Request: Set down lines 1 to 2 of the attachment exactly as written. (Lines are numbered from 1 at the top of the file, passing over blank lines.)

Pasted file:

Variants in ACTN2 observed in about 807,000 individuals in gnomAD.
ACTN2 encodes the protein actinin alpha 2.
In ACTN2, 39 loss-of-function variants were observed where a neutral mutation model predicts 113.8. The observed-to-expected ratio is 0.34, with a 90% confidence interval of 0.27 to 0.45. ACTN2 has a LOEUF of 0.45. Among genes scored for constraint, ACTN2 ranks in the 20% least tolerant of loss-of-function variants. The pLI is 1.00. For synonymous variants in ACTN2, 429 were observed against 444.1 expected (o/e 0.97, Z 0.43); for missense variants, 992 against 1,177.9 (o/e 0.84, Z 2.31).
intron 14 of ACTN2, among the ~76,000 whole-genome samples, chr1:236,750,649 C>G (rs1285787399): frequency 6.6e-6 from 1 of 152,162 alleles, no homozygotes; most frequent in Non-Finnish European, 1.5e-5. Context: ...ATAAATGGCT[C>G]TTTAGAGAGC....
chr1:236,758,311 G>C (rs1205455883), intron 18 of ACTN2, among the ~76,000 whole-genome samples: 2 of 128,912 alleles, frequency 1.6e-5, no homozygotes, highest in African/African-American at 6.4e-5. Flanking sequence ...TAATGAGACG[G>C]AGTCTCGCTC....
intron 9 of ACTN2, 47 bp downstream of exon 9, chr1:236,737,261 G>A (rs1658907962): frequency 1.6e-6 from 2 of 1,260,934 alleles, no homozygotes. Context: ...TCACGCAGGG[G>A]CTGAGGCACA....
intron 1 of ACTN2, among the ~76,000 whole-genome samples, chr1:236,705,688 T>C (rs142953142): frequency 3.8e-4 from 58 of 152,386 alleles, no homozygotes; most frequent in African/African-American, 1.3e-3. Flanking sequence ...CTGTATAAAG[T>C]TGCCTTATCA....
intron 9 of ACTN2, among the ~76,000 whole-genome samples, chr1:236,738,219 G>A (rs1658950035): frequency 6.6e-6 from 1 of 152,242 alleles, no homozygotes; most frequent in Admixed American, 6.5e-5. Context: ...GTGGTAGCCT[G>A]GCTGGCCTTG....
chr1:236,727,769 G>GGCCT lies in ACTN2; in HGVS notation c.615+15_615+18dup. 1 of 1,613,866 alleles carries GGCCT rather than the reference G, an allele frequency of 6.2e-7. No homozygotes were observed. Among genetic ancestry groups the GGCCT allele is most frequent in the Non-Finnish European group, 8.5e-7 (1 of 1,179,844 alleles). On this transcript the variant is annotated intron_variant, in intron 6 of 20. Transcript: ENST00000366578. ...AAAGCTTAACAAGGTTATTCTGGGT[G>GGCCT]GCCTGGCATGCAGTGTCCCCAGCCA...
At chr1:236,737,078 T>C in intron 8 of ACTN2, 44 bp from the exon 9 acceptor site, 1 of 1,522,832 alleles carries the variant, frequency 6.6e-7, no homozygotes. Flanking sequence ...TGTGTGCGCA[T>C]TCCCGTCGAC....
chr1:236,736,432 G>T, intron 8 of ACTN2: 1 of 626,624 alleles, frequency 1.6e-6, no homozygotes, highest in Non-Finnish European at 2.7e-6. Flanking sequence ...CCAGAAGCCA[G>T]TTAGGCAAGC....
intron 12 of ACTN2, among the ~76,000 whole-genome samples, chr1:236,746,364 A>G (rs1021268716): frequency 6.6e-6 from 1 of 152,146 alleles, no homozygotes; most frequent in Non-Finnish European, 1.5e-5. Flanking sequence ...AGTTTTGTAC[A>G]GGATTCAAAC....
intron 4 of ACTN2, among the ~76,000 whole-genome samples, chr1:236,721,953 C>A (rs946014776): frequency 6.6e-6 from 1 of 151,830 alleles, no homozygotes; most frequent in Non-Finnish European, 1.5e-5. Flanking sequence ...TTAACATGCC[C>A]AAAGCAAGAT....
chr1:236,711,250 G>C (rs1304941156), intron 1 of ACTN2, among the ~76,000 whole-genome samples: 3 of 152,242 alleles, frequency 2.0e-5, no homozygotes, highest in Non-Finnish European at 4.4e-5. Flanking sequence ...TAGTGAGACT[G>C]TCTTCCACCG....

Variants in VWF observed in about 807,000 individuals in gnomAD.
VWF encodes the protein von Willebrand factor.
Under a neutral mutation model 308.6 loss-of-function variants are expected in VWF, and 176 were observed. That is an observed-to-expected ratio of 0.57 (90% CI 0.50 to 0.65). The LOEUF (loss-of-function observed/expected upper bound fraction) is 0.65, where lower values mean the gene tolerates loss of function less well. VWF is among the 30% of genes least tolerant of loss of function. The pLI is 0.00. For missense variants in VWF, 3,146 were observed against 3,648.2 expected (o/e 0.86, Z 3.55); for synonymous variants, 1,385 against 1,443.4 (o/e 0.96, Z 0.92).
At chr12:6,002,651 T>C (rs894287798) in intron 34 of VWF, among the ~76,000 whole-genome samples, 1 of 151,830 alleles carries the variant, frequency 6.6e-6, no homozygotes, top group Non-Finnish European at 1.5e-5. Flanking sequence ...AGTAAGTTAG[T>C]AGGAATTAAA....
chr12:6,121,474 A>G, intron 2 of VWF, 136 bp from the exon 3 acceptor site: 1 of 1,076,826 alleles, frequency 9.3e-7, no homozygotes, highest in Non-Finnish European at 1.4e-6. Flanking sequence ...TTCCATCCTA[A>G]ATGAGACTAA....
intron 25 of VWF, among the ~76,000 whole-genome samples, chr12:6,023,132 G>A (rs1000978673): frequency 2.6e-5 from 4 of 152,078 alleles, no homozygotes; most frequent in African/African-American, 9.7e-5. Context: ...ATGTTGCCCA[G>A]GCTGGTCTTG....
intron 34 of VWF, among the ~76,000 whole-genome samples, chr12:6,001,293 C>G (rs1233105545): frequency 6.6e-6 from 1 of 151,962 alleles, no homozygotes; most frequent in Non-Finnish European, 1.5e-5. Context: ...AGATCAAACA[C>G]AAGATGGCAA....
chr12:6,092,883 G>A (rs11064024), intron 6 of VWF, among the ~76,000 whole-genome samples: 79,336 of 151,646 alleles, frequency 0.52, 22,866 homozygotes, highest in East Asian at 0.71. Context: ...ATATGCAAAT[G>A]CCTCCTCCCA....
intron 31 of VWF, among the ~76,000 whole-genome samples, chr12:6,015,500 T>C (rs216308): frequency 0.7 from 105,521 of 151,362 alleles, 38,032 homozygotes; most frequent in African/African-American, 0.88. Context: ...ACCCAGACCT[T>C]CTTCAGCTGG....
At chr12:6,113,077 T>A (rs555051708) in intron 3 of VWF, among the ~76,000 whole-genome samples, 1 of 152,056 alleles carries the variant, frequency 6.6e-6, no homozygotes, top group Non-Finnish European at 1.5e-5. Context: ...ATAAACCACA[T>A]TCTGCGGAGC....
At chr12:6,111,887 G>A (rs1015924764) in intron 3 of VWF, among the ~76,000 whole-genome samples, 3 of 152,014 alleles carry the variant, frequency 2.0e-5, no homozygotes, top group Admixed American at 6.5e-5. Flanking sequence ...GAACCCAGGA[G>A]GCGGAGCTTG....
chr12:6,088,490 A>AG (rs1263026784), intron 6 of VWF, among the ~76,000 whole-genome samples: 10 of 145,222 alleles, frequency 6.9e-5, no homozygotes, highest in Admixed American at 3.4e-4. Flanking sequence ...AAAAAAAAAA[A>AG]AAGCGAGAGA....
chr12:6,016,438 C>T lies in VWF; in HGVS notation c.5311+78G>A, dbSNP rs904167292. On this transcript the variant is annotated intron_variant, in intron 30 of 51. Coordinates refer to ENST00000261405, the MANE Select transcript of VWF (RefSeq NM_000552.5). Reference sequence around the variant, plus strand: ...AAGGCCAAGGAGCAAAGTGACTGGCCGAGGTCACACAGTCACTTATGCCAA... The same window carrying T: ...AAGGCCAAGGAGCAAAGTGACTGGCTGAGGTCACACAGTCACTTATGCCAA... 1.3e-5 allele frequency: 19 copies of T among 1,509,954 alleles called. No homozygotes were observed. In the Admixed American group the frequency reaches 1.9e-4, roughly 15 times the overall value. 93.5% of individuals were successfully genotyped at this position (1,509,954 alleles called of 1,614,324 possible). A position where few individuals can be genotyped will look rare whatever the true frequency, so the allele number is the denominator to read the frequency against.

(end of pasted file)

Variants in ACTN2 observed in about 807,000 individuals in gnomAD.
ACTN2 encodes the protein actinin alpha 2.